Braedratunga is a manor and a church site on the tongue of land between the rivers Hvita and Tungufljot in the Southwestern Lowlands.
In the Icelandic Sagas, Landnamabok, says that Eyfrod the old claimed land between Hvita and Tungufljot. Some of the major rulers of the country ranging from century of commonwealth and for centuries thereafter were involved. Asgrim Ellidagrimsson, mentioned in Njalssaga, lived there. Flosi Thordarson from Svínafell in Oraefum probably came to visit him; as the trad down to the river Hvita is still called Flosatrad.
For a time lived in Braedratunga Gissur THorvaldsson. Gisli Hakonarson (1583-1631), a lawyer also lived there the first half of the 17th century. He was considered one of the most popular rulers of the country and was stepfather of Thorlakur Skulason, bishop to Skalholt. Helga Magnúsdóttir, his stepdaughter, lived there long after she had lost her husband. She played a major role in the sagas of Brynjolfur Sveinsson and his daughter, Ragnheidur.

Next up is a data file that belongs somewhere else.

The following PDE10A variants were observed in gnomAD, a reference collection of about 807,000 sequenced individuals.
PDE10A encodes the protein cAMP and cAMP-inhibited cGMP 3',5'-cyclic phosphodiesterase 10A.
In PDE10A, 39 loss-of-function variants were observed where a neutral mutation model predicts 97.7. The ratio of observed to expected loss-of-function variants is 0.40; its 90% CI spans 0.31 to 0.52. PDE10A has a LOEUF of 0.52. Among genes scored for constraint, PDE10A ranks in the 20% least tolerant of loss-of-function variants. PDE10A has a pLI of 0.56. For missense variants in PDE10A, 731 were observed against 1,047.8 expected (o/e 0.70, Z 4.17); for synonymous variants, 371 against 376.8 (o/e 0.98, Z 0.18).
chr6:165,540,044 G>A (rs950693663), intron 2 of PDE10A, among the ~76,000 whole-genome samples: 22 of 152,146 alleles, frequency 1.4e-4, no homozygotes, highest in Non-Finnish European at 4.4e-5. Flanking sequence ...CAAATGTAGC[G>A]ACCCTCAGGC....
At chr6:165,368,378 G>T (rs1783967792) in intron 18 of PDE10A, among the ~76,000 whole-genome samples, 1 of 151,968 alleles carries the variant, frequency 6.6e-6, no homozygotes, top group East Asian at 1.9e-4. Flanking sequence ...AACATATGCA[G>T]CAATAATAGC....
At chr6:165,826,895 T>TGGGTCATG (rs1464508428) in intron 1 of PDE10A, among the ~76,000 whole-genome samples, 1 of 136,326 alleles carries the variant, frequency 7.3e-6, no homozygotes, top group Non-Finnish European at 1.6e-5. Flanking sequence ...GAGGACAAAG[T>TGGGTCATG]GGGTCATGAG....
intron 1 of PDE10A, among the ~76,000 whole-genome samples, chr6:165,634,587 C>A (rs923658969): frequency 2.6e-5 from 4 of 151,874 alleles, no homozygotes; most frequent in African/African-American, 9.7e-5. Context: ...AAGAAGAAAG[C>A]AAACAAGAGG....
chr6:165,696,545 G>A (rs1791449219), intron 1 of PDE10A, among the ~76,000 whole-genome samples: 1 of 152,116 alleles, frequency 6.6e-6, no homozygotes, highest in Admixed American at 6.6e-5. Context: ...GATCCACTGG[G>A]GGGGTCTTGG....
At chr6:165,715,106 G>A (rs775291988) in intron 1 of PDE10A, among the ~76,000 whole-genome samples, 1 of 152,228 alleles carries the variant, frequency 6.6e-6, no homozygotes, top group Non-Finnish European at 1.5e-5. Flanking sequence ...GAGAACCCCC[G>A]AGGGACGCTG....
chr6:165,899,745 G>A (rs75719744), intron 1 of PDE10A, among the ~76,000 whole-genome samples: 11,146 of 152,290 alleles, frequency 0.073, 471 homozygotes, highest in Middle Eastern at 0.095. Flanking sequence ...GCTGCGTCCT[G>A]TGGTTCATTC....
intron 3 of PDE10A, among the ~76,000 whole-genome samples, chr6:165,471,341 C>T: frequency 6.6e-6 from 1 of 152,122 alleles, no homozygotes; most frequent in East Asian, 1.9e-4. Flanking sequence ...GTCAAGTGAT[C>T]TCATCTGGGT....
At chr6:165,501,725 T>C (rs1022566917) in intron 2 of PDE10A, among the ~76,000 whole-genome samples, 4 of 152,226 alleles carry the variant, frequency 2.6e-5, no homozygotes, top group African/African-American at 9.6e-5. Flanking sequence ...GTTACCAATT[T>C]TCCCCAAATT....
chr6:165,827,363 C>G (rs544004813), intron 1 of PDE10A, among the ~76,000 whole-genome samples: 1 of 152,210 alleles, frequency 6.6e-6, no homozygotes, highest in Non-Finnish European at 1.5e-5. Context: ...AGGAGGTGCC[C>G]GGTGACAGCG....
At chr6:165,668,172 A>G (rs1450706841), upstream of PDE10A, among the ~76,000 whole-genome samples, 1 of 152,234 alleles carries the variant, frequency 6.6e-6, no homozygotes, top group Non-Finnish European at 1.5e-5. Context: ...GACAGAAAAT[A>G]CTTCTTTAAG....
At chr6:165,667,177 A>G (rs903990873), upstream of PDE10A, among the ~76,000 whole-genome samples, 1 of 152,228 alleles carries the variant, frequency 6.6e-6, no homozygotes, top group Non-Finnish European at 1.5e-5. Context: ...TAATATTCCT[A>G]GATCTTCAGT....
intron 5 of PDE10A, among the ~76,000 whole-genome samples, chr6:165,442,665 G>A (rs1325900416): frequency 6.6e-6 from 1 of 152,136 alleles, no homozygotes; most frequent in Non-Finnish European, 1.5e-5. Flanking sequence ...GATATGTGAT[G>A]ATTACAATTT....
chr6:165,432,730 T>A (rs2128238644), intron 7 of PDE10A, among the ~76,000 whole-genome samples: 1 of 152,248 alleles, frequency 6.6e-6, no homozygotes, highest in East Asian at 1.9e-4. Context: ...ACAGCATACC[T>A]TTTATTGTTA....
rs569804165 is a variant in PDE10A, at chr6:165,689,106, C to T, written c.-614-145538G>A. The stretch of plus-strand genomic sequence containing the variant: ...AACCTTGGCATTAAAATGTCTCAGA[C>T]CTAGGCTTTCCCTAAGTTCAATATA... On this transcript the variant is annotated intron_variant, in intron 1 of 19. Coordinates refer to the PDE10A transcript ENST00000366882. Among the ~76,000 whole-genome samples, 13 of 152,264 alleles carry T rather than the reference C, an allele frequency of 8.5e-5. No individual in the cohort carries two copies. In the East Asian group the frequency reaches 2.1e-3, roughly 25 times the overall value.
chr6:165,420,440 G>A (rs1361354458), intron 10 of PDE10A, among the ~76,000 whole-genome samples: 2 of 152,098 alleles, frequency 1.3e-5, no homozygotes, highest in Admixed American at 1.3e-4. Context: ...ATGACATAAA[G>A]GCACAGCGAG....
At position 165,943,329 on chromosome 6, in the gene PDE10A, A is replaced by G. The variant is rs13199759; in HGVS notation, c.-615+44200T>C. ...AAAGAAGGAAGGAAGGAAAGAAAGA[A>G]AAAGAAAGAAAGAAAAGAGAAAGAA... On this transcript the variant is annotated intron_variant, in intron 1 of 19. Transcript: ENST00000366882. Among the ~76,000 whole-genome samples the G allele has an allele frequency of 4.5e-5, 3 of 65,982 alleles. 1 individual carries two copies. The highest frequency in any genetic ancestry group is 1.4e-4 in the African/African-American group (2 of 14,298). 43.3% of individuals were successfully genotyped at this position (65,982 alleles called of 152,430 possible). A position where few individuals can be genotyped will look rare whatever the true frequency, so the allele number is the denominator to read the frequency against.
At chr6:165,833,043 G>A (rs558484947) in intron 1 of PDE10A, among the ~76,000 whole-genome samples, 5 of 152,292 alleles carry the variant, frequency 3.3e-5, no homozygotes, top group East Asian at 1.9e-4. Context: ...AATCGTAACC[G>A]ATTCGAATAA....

Its documentation and records of its occupants and of everyday life in the past are among the primary sources for of the Halldor Kiljan Laxnes’ novel “The Iceland Bell.” Laxnes is Iceland’s Nobel Prize Winner for literature and this novel is probably his most popular and widely read work domestically and elsewhere.
Braedratunga is on the Saga trail for South Iceland.